This book was a blast to listen to. The reader was fantastic, and it was more like theater, complete with occasional music and sound effects, than a straight reading. The introduction gave a good quick synopsis of the history of Hungary, but it was the combination of dry and almost slapstick humor that made this book sing for me. I gave my son, who is living in Europe, the actual book, and he said he was reading it on a train when a group of Hungarians recognized the title and all started talking to him about this guy (with great enthusiasm). By the end of the book, the plight of the Whiskey Robber is clearly very sad and discouraging, but it was one of the most engaging stories I've listened to.
I was excited, but it's just OK. The narrator's clearly non-professional voice and sporadic snippets of instrumental music made me feel like I was listening to "This American Life". Like that show, this book is interesting but slow and kind of dull.
There is far too much history of the region in the beginning, needlessly extending the length of the book. It is strictly chronological; I feel it would have been far better if it jumped around a bit to keep things interesting. The protagonist isn't really much of a hero, or even an anti-hero: he's a drunken liar with no sense of purpose. His only motivation is money, for spending.
There's an entertaining quality to the story - the bumbling heists, incompetent police - but not much actually happens. He robs some post offices and banks, gets away with small amounts, and is eventually caught.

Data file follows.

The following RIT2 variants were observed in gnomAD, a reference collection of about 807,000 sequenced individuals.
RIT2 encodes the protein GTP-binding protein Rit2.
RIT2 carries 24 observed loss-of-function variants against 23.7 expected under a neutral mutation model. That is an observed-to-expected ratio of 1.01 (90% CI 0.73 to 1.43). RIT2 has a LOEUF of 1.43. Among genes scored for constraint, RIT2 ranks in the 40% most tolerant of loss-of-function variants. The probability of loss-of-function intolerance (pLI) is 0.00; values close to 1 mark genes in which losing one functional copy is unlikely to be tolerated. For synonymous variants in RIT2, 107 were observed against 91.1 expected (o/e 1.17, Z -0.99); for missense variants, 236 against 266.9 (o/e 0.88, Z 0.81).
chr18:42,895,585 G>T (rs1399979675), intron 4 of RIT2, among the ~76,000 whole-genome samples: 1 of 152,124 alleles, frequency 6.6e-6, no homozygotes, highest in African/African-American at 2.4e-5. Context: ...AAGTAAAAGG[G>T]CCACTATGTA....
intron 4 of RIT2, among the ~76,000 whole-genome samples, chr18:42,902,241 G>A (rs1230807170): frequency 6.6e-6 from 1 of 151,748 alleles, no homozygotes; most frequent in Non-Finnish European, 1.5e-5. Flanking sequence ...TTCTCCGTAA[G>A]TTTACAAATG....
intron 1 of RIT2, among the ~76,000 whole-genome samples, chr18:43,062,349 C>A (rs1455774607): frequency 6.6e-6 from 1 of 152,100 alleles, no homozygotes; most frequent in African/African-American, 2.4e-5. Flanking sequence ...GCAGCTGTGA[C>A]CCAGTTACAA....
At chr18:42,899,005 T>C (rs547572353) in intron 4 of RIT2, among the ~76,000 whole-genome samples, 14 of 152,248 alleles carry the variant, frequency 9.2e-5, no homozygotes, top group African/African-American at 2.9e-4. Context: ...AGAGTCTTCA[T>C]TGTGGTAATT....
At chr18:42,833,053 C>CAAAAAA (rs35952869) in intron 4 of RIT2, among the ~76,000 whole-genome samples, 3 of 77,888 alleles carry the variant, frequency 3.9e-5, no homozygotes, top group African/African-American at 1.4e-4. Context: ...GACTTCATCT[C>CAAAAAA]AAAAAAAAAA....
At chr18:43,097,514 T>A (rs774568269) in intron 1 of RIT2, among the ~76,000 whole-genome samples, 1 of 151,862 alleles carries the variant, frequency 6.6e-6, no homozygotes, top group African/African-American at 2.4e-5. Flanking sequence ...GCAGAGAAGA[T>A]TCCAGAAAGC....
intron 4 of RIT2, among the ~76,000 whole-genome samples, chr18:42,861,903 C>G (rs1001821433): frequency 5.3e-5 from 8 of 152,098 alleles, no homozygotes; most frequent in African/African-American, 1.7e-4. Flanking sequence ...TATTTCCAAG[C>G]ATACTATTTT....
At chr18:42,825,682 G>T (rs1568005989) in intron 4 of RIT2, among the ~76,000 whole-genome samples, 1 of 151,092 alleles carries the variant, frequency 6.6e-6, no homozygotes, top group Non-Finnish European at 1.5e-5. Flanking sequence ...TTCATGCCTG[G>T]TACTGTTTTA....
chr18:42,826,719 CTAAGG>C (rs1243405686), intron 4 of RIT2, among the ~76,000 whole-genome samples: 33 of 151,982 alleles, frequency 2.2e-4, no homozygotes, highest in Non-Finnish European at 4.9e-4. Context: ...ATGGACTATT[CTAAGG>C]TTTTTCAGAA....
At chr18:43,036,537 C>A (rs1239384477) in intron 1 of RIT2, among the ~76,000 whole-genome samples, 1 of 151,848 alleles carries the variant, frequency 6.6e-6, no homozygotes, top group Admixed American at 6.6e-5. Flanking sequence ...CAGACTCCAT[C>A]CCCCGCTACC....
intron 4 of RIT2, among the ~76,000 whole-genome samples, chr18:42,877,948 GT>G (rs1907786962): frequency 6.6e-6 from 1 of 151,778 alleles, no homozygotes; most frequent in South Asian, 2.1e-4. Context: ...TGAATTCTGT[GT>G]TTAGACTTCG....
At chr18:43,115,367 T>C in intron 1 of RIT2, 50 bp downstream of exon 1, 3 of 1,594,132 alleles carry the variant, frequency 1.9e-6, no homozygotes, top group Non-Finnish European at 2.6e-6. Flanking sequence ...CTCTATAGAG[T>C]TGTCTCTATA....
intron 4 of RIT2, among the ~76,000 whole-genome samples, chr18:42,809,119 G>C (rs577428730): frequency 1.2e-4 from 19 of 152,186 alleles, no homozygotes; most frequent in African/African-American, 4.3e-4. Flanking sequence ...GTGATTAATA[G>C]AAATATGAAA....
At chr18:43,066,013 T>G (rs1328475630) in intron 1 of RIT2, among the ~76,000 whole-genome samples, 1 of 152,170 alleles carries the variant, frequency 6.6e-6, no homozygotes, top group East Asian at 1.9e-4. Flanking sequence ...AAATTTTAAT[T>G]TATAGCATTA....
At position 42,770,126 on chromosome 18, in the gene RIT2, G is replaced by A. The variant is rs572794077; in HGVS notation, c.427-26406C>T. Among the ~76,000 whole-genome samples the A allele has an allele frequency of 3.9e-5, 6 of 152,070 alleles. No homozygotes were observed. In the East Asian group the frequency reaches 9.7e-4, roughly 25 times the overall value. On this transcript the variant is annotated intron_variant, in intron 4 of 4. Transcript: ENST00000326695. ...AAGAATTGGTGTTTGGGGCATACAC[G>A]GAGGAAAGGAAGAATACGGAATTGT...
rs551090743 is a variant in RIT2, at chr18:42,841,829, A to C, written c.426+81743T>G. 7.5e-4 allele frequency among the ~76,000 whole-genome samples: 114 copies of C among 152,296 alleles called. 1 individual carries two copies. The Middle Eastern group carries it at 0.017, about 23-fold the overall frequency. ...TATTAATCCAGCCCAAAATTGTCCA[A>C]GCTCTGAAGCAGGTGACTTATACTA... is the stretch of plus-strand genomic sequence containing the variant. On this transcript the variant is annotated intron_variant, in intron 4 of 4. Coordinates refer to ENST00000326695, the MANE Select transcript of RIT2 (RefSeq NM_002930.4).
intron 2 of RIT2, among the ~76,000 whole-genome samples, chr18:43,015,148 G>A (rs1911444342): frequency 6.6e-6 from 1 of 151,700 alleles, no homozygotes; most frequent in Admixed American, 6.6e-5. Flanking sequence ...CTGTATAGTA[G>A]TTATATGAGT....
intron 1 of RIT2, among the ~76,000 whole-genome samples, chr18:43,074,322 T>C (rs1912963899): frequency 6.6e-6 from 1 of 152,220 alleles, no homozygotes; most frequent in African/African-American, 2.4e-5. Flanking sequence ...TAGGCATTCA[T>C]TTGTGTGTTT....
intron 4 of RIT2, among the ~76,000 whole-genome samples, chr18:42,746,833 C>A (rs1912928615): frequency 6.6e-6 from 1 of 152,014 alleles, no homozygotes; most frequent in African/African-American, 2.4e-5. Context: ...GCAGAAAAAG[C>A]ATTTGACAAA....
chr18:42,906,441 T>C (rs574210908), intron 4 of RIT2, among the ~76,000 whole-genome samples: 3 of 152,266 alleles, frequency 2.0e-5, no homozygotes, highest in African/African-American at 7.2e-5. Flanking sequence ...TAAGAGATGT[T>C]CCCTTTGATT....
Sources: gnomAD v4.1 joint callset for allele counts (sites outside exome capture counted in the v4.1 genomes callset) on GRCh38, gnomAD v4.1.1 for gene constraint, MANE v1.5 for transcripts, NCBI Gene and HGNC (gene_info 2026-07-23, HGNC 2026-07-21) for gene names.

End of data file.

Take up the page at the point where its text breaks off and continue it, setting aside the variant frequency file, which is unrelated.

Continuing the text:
I stopped listening when my next credit came along and only finished it months later when I ran out of other books.
On a personal note, the historical background on the country helped explain why my Romanian college roommate was such a pathetic loser.
Love a good mystery, but don't care much for pure thrillers.
This story illustrates that, sometimes, truth is stranger than fiction. Written in a manner that is both sympathetic and critical. I can't imagine how lucky Attila Ambrus has been, even to be alive. He is obviously far more intelligent than his lifestyle belies. I hope that when he gets out of prison, he will find a constructive outlet and lay off booze. Listening to this performance was undoubtedly better than reading the book.
Hearing the weird music at the beginning of this book, I thought I'd made a bad choice. But with nothing else to listen to, I kept listening. Within minutes I was captivated by the narrator and the writing. Funny, sad, exciting, inevitable. You'll feel like an expert on Budapest banks after this book. Loved it.
Not good for a daughter of a woman born behind the Iron Curtain, but the tale actually turns out kind of banal. Sure, his early escapes are dramatic, yet his existence remains nothing but bleak. And we cannot really blame his choices on his upbringing or his dramatic early years: here's a con artist that wasn't even good at that. Narration seemed quite good, though, if intrusive, with so many voices appearing at wide-widths apart.
I wonder if anyone will do a story on the jewelry-robbing-cartel that seems to have sprung from the same regions? THAT would be a good yarn.
"Amazing and gripping then you realise it's all true"
You read this book and yes it takes a couple of chapters to get going , but once the action begins you really fear for him and laugh out loud at points too. The voices add to the story as well